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Tuesday, 10 April 1973
Page: 1218

Mr SNEDDEN (Bruce) (Leader of the Opposition) - We have had recently the most unprecedented action that has even been taken in Australian democratic history. I refer to the raid on the Melbourne offices of the Australian Security Intelligence Organisation. That was quite unprecedented and undemocratic; it was an action which we would hope would never again occur in Australia. But the issues that have been raised from that incident have yet to be debated in this House and I propose to debate them later this afternoon. The purpose of this motion is to enable the Government to treat this Parliament with contempt. It is designed to enable the Government to abuse its numbers in this House for the purpose of stopping questions being asked which are designed to establish facts. None of those facts has been provided to this House or to the Senate. The only facts that we know are those that have been elicited by questions.

It is a sign of the discomfort that the Government has and of the concern members of the Government Party have about the handling of this matter by the Attorney-General (Senator Murphy) and the Prime Minister (Mr Whitlam) that they wish them not to be subjected to questions. Everybody knows that in this House the Prime Minister consistently has refused to answer questions put to him about this matter. He constantly has evaded and prevaricated on this issue and has been nervous that yet another disclosure would be made to embarrass him, his Government and his AttorneyGeneral. The reason for the motion to suspend Standing Orders has no relevance whatever to engaging in the debate, for I assure the Government that we will co-operate in every way to bring on the debate. That was our intention as we walked into the House today. It so happened that we were not informed of the intentions of the Prime Minister until about 20 minutes before the House assembled today. This is just another departure from the way in which the affairs of the Parliament should be conducted. However, that time did enable me to make some inquiries about the precedents for abandoning question time. I have been advised by the Clerk that questions have been waived in the past for the following reasons: In relation to motions of censure or amendments to censure; at the opening of Parliament; historical reasons in relation to Budgets; and on other special occasions such as royal visits. There is no precedent for a government to take action to remove questions from the day's business to protect itself against probing questions; that is what question time is all about ,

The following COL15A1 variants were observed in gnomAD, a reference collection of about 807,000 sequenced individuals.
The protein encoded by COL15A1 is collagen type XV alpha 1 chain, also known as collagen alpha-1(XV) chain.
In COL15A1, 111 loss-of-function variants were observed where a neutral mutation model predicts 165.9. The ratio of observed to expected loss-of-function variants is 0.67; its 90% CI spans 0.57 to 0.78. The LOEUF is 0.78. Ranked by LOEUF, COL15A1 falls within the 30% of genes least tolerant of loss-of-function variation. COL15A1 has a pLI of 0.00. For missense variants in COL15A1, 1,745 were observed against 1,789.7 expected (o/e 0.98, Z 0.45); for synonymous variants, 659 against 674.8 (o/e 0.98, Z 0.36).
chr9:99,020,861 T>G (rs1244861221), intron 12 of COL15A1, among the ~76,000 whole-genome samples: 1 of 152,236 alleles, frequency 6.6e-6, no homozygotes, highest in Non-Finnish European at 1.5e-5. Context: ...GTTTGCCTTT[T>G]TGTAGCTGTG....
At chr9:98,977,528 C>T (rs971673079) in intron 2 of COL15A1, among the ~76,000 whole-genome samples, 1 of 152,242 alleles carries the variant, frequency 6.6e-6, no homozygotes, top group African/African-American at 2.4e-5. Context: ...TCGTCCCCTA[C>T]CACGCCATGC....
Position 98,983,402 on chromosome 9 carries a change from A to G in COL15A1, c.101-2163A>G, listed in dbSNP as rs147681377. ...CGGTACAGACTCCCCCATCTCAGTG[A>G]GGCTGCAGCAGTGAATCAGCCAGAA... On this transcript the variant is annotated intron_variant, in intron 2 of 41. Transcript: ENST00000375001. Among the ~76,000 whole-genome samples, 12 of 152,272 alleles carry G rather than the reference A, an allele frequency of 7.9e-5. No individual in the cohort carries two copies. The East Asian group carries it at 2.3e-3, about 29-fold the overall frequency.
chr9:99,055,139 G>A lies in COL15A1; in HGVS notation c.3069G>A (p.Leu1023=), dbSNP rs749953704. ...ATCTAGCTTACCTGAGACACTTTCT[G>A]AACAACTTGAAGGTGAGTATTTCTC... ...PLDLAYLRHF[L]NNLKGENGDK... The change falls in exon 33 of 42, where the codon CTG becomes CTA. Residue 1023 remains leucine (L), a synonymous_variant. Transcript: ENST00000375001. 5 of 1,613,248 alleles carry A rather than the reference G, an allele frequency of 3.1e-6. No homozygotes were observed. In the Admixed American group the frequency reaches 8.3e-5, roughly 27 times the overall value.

I really believe that the Prime Minister had a dual purpose in mind in adopting this strategy. One reason was to avoid questions and the other reason was not to repeat the hitherto continual performance of his own embarrassment at not answering them. Those are the 2 reasons for the strategy. The Leader of the House (Mr Daly) came up with his characteristically irrelevant and unsupported arguments. He said that the Opposition does not want to face up. I can assure him that we will not only face up but will also demand a full debate in this House. A full debate does not mean what he has already forecast- 3 speakers from each side. If the issue is so important as to suspend questions, it is important enough (o be debated in this House until it has been fully debated. It is a matter of great cowardice on the part of the Government to adopt this course of suspending questions and then attempting to gag the debate. I can assure you, Mr Speaker, that the Opposition recognises in this move the whole future of parliamentary democracy in this chamber. We will not lose. If we have to fight every inch of the way, then fight we will, but we will not lose on this issue.